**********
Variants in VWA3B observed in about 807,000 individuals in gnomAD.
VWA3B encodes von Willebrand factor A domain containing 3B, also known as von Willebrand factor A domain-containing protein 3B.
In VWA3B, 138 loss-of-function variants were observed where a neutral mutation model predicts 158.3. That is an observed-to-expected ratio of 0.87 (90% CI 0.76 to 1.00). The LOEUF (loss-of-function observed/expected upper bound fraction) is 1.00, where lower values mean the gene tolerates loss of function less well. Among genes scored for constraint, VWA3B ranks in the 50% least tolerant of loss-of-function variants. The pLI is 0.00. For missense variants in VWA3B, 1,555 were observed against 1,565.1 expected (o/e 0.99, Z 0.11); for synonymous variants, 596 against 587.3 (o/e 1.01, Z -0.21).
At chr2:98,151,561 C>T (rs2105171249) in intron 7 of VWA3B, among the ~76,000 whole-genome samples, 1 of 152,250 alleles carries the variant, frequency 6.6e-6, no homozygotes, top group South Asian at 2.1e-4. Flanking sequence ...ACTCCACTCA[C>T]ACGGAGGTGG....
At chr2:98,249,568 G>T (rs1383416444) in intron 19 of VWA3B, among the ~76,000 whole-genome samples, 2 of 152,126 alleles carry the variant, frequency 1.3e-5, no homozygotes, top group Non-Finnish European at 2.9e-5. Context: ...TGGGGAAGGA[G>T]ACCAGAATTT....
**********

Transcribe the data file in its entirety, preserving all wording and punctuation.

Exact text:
Variants in VWA3B observed in about 807,000 individuals in gnomAD.
VWA3B encodes von Willebrand factor A domain containing 3B, also known as von Willebrand factor A domain-containing protein 3B.
In VWA3B, 138 loss-of-function variants were observed where a neutral mutation model predicts 158.3. That is an observed-to-expected ratio of 0.87 (90% CI 0.76 to 1.00). The LOEUF (loss-of-function observed/expected upper bound fraction) is 1.00, where lower values mean the gene tolerates loss of function less well. Among genes scored for constraint, VWA3B ranks in the 50% least tolerant of loss-of-function variants. The pLI is 0.00. For missense variants in VWA3B, 1,555 were observed against 1,565.1 expected (o/e 0.99, Z 0.11); for synonymous variants, 596 against 587.3 (o/e 1.01, Z -0.21).
At chr2:98,151,561 C>T (rs2105171249) in intron 7 of VWA3B, among the ~76,000 whole-genome samples, 1 of 152,250 alleles carries the variant, frequency 6.6e-6, no homozygotes, top group South Asian at 2.1e-4. Flanking sequence ...ACTCCACTCA[C>T]ACGGAGGTGG....
At chr2:98,249,568 G>T (rs1383416444) in intron 19 of VWA3B, among the ~76,000 whole-genome samples, 2 of 152,126 alleles carry the variant, frequency 1.3e-5, no homozygotes, top group Non-Finnish European at 2.9e-5. Context: ...TGGGGAAGGA[G>T]ACCAGAATTT....